Being in southwestern Colorado, I'm now in the area covered by the Southwest USA
guidebook my brother and sister-in-law gave me. It strongly recommended the Great Sand Dunes National Park, accessible from Mosca, Colorado. Well, I've done the dune thing at Sleeping Bear Dunes in Michigan. I know from experience that getting around on dunes requires a lot of energy. I don't have a lot of energy right now. I went to Mosca, but with no intention of seeing the dunes or the Wildlife Refuge. I went to Colorado Gators
The Colorado Gators Reptile Park is so low-rent and uncool that the guidebook didn't even mention it. It's like what you'd get if you turned the reptile house at a big city zoo over to a bunch of rednecks who promptly moved it to the country and turned it into a business. It's scruffy, ungroomed, jerry-built and, well, among the signs out front (most of them hand-painted with housepaint on sheets of plywood) is one that says "This is a working farm it does smell," and that was perfectly accurate. I loved it.
I paid the $15 admission, stepped over the tortoise barrier (about knee high, it confines the roughly foot-high tortoises that wander around that first building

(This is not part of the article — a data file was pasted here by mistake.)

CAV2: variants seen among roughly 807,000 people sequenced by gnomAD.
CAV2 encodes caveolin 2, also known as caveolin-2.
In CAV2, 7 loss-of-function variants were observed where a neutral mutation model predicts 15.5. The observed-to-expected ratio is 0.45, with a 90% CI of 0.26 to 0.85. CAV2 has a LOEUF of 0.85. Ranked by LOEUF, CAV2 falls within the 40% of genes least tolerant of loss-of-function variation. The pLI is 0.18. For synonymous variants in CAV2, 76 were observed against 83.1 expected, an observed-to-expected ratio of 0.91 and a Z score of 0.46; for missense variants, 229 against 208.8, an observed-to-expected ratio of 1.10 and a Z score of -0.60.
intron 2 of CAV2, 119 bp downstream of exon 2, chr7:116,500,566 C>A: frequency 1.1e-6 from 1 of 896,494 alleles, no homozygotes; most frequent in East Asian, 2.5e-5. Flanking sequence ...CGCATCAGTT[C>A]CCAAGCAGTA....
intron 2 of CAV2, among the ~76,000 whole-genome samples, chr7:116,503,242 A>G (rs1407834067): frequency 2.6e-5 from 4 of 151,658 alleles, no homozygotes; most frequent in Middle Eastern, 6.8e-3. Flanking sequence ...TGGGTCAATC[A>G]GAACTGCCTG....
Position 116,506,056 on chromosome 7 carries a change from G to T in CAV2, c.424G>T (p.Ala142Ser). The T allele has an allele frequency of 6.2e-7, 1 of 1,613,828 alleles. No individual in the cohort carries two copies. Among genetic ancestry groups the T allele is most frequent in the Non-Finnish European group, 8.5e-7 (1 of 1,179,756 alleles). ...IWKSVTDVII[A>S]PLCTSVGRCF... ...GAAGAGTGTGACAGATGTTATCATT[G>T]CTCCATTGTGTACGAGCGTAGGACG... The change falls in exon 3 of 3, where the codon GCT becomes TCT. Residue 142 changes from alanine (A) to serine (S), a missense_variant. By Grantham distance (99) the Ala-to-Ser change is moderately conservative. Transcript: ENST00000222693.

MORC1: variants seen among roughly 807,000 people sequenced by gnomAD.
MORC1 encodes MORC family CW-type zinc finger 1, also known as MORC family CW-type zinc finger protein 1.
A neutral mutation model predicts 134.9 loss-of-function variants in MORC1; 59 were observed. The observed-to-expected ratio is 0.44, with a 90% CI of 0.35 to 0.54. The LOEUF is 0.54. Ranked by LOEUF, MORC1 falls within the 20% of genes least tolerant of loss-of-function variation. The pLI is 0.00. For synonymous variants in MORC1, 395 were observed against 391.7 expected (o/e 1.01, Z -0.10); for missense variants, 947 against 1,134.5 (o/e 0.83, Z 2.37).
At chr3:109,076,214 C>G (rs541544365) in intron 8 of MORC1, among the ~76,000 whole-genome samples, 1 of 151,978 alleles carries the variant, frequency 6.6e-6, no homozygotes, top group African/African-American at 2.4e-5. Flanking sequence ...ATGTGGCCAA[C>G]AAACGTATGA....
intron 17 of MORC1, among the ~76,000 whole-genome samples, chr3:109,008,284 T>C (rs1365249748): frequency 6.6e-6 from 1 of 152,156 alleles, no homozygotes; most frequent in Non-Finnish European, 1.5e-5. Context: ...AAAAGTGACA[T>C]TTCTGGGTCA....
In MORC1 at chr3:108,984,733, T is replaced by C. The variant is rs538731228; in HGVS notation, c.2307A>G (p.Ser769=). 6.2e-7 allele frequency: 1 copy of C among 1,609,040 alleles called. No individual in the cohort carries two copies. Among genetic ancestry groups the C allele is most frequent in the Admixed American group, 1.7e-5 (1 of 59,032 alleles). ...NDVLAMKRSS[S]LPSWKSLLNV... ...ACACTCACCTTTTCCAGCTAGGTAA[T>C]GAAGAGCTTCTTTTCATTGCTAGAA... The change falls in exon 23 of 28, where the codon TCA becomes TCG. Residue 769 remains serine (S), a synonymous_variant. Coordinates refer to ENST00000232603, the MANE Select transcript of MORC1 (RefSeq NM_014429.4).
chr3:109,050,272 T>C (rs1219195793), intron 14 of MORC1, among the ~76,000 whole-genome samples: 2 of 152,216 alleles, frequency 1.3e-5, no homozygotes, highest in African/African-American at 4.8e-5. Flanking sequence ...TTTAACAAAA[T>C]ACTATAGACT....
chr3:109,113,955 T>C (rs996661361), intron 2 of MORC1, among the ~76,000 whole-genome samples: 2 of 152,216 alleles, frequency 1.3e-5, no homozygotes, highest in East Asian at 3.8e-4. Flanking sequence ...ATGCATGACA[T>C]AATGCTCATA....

) and immediately a staff member held out about four pounds of live snake, asking if I'd like to wear Sandy around my neck. I said yes, of course. Sandy was a ball python, beautiful, docile and, while snakes don't exactly have facial expressions, I got the sense that she was enjoying this.
"Oh. My name is Sandy," said the woman behind me.
"Sandy, meet Sandy," said the staff guy and somehow, I'm not sure how, Sandy was persuaded to wear Sandy despite being, by her own admission, terrified. The man and two boys (ages about 9 and 13) who came in with her offered no morale support but instead got out their phones and, in unison, took pictures. I think the snake was posing.
The walls of the room were lined with terrariums (terrarria?) containing smallish snakes and lizards. Next to the name of each species was a rating system for how good a pet they are, using alligator paw prints instead of stars. Five paw prints meant Great Pet. One meant Terrible Pet (Dangerous). Many of the snakes got five, but the lone iguana (which was molting, so it looked particularly decrepit) got one, with a long page of text under it about how ferocious iguanas can be. Then there was a newspaper clipping telling the story of a woman who needed plastic surgery after her pet iguana bit her on the face, accompanied by a rather gross picture. Okay. I get it. No pet iguanas for me.
Next up was another petting zoo experience: a man with a baby gator about two feet long. He took my phone, showed me how to hold the critter, then took two pictures of me with it, one with my own phone
, one with the company's much better camera. Then he asked my name, wrote it on a pre-printed "Certificate of Bravery," and put the edge of the paper in the little gator's mouth in such a way that it bit down, "signing" my certificate with its tiny teeth